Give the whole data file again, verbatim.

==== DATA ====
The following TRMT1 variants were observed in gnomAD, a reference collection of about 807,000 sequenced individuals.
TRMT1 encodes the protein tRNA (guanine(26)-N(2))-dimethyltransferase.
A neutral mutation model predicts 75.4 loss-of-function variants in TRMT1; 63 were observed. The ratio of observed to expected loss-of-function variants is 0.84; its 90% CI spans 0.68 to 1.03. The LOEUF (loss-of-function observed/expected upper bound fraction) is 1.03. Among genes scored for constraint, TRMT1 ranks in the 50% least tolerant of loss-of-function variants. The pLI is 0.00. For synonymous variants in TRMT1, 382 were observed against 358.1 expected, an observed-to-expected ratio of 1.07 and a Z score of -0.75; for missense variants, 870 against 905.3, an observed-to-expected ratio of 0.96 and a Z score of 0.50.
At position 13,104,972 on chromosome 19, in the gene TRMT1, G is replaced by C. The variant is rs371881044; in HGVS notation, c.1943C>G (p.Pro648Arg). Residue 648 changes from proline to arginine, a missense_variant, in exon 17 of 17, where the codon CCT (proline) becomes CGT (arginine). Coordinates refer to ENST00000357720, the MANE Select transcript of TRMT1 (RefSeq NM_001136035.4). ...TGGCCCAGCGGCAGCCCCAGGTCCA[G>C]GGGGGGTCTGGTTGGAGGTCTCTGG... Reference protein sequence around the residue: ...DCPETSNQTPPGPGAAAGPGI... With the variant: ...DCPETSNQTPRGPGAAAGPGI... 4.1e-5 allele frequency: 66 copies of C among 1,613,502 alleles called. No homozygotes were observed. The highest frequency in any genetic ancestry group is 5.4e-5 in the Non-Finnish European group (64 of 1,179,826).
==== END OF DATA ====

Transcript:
The following TRMT1 variants were observed in gnomAD, a reference collection of about 807,000 sequenced individuals.
TRMT1 encodes the protein tRNA (guanine(26)-N(2))-dimethyltransferase.
A neutral mutation model predicts 75.4 loss-of-function variants in TRMT1; 63 were observed. The ratio of observed to expected loss-of-function variants is 0.84; its 90% CI spans 0.68 to 1.03. The LOEUF (loss-of-function observed/expected upper bound fraction) is 1.03. Among genes scored for constraint, TRMT1 ranks in the 50% least tolerant of loss-of-function variants. The pLI is 0.00. For synonymous variants in TRMT1, 382 were observed against 358.1 expected, an observed-to-expected ratio of 1.07 and a Z score of -0.75; for missense variants, 870 against 905.3, an observed-to-expected ratio of 0.96 and a Z score of 0.50.
At position 13,104,972 on chromosome 19, in the gene TRMT1, G is replaced by C. The variant is rs371881044; in HGVS notation, c.1943C>G (p.Pro648Arg). Residue 648 changes from proline to arginine, a missense_variant, in exon 17 of 17, where the codon CCT (proline) becomes CGT (arginine). Coordinates refer to ENST00000357720, the MANE Select transcript of TRMT1 (RefSeq NM_001136035.4). ...TGGCCCAGCGGCAGCCCCAGGTCCA[G>C]GGGGGGTCTGGTTGGAGGTCTCTGG... Reference protein sequence around the residue: ...DCPETSNQTPPGPGAAAGPGI... With the variant: ...DCPETSNQTPRGPGAAAGPGI... 4.1e-5 allele frequency: 66 copies of C among 1,613,502 alleles called. No homozygotes were observed. The highest frequency in any genetic ancestry group is 5.4e-5 in the Non-Finnish European group (64 of 1,179,826).